To keep college students out of credit card debt, it’s vital to know the advantages and disadvantages of credit cards. Below are some top pros and cons of credit cards according to Yahoo! and Investopedia:
- Practicality and Flexibility
- Credit cards are widespread and people can use them practically everywhere.
- They can boost people’s purchasing power because they can be used to buy goods and services over the phone, through the mail, and online.
- They provide financial backup in the event of an emergency, such as an unexpected healthcare cost, job loss, or auto repair.
- They allow people to purchase items and pay them off in monthly installments.
- By using credit cards, people can dispute billing errors and defective merchandise.
- Many credit cards now offer discounts at stores and rewards. For instance, when you make purchases using credit card you can collect reward points; these points accumulate and can be used to get free items, such as airline tickets.
- Some cards may offer cash back as an incentive to use the card.
- They can help build credit history.
- They can help improve people’s credit score, such as the FICO credit score, when they pay balances down by the due date. This improved credit history paves the way for lower rates borrowing rates on other loans, including a mortgage.
- It’s easier to keep track with spending. They keep a record of people’s expenses, helping them to monitor their financial activities. This can help people to control how much they can spend.
- Improper Use
- Some people will spend more money than they should have with credit cards, since it’s easier, faster, and more convenient to make transactions with credit cards.
- When people default on credit card payments, they are charged with late fees and interest, increasing their debt load.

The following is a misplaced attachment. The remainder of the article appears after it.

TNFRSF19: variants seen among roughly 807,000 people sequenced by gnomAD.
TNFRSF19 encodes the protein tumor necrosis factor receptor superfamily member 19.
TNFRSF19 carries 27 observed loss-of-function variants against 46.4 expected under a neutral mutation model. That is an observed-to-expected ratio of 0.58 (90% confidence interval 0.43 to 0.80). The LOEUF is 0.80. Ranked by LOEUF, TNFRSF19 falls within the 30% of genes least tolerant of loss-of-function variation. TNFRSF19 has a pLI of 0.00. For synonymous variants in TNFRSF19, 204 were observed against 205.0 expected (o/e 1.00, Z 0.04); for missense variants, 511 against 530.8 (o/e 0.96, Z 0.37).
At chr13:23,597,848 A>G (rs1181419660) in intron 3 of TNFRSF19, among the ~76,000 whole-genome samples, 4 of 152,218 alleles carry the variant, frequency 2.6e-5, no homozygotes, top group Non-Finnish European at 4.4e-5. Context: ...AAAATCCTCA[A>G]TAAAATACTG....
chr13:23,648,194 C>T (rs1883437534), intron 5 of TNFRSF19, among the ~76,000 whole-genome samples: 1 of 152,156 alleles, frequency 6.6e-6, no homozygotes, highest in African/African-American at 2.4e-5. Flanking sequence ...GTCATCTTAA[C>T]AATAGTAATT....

- Acquiring too much credit card debt can harm people’s credit scores.
Credit cards can be good and bad. In other words, people’s financial habits determine whether a credit card is beneficial to them or not. As Putman said, the key to avoid credit card debt is to learn money management skills.
–Yuchen Wu, Student Blogger
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4 Financial Pitfalls to Avoid
June 24, 2013
Erase your debt starting today!
Are you in debt? Are you wondering how you got there? Whether it’s student loan or credit card debt, getting out from underneath as soon as possible is a good idea. Here are some reasons why many stay in debt for years and some solutions to put that debt behind you:
1. Spending more than you earn
This is one of the main reasons people get into debt. A few dollars here and there doesn’t seem like much, but it can sure add up over time. Track your spending throughout the month and try to stop spending if your account balance gets too low to comfortably pay your bills on time.
2. Not having a budget
It may seem boring, but keeping a budget can be easy and painless. There are many ways to make and keep a budget, such as using pen and paper, creating an Excel spreadsheet, or using website such as mint.com that practically does all the work for you (come to our upcoming workshop “Money Apps and Websites for Students” to learn more!). No matter what you do, make a budget and stick to it!